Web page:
Safaricom, NCBA, Craft Silicon, JamboPay, Cellullant and KCB are among lenders and IT firms that have been licensed to offer cashless payment services to Public Service Vehicles (PSVs) in Kenya. 

National Transport and Safety Authority (NTSA) said the 29 firms which have been licensed will provide a platform for cashless fare payment ahead of a ban of cash use in the matatu sector.

NTSA had on June 16, 2020 issued a tender seeking lenders and tech companies to install mobile software and web applications for the close to 200,000 matatus operating in Kenya.

According to NTSA, the digital fare collection platform will also be used to conduct contact tracing on passengers as part of the government’s efforts to curtail the spread of Covid-19.

Once fully effected, all passengers will pay their fares through mobile money platforms as the government accesses their contact information required in the Coronavirus pandemic fight.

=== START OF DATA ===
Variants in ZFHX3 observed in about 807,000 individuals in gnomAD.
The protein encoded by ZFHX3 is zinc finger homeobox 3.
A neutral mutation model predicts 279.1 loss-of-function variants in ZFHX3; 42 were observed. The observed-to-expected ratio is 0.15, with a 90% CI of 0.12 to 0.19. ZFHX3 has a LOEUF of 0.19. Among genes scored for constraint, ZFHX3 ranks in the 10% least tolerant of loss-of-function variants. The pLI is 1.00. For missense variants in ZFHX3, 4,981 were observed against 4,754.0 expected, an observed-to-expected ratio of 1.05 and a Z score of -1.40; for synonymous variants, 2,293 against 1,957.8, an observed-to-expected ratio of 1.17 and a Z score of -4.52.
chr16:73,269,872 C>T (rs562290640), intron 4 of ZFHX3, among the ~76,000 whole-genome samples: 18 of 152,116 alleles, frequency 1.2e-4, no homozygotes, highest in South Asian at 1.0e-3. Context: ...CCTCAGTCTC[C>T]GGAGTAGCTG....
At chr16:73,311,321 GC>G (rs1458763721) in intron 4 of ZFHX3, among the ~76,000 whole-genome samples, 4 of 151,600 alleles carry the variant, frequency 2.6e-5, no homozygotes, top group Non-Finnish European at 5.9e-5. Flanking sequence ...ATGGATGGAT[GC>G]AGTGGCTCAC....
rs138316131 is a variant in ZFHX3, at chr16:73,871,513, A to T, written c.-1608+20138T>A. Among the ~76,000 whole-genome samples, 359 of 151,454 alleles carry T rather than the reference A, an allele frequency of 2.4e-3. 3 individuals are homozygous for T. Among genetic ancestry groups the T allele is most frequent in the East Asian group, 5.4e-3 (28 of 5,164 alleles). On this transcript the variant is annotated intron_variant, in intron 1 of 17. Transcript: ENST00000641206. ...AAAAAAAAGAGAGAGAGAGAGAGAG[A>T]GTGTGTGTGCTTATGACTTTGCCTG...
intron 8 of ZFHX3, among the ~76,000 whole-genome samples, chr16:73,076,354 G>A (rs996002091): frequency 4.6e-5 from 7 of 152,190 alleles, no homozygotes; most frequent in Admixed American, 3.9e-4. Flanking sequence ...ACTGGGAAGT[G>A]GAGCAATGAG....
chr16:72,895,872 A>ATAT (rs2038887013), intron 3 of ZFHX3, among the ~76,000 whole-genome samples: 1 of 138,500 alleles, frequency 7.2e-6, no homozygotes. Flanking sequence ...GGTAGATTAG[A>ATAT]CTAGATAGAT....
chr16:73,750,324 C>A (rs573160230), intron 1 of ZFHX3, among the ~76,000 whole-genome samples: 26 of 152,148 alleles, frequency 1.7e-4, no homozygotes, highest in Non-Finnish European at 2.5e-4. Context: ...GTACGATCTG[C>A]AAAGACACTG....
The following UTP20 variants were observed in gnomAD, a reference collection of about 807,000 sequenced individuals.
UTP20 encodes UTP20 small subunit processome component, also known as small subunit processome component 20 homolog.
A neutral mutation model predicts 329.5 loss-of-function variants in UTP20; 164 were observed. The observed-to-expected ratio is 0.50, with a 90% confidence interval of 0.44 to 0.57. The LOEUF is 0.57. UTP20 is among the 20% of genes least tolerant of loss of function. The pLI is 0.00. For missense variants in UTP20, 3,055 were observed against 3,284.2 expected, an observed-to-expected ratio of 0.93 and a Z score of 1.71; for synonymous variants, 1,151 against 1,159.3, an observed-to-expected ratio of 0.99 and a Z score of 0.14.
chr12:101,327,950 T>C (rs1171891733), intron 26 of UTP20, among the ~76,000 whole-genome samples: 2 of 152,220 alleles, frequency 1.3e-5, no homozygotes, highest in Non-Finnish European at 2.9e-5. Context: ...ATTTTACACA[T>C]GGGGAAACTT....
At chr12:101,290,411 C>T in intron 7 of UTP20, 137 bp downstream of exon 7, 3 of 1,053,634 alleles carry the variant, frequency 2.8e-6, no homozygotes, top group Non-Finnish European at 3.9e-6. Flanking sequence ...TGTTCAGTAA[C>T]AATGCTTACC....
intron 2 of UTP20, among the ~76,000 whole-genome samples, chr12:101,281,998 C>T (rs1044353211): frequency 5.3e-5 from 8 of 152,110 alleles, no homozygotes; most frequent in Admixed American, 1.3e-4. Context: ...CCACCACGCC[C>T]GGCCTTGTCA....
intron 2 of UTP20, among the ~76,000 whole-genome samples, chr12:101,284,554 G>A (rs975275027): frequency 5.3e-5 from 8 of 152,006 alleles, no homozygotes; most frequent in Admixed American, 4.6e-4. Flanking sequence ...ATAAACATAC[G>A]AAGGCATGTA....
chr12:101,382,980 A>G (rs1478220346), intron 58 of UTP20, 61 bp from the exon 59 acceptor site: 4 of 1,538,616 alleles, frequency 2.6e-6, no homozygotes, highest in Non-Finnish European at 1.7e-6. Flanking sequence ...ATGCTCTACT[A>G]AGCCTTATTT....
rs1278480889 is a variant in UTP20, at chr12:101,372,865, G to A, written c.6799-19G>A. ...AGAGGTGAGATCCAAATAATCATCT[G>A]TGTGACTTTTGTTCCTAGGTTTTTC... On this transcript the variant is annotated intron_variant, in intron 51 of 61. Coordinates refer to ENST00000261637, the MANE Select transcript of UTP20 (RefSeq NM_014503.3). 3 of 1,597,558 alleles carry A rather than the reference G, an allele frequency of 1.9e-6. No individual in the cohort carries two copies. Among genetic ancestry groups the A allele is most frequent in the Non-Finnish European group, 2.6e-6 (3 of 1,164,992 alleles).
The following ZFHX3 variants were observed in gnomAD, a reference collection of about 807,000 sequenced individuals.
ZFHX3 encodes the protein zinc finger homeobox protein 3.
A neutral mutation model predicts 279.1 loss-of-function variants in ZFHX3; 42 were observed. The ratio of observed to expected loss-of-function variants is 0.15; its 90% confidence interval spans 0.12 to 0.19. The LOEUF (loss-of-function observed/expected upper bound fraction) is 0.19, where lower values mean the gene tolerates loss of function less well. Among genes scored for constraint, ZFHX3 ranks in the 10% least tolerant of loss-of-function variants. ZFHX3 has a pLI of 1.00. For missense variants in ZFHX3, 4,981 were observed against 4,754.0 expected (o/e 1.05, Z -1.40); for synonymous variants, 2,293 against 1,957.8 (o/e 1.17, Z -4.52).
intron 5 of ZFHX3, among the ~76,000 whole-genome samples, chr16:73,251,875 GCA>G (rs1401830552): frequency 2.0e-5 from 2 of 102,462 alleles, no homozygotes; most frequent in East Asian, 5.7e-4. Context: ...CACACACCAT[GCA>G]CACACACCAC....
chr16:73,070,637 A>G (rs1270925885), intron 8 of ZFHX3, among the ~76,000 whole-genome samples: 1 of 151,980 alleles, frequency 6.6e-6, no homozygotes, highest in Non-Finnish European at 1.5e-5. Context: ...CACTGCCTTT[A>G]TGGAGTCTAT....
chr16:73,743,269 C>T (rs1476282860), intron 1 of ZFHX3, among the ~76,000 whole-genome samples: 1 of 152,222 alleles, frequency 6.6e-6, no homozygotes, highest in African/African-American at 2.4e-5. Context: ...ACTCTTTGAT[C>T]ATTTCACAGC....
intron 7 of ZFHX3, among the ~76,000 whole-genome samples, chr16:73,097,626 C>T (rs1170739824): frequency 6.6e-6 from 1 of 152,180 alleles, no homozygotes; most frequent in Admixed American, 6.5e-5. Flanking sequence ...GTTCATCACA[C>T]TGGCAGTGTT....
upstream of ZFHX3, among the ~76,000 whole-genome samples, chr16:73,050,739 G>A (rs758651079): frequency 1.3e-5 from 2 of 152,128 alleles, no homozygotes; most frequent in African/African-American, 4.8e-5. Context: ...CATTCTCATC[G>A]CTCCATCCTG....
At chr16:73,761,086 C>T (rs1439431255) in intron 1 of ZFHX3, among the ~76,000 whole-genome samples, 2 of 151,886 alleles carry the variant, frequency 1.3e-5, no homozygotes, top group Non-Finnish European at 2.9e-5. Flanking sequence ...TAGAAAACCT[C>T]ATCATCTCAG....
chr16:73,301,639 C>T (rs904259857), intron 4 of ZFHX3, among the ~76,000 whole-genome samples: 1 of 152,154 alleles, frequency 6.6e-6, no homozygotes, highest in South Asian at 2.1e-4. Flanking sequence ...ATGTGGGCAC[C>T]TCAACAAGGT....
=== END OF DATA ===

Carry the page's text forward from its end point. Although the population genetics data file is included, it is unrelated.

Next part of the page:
A cashless fare bid by the government failed to kick off in 2014 after matatu operators in the country opposed it alleging it would be used to spy on their earnings for the sake of taxation.

The government then said the prepaid cards would help purge criminal cartels in the matatu industry and allow KRA to track PSV profits in the sector that rakes in over Sh420 billion yearly.

The My 1963 commuter card was touted as the solution for matatu owners to tame theft of their proceeds by crew, improve their earnings and track payments by passengers in real time.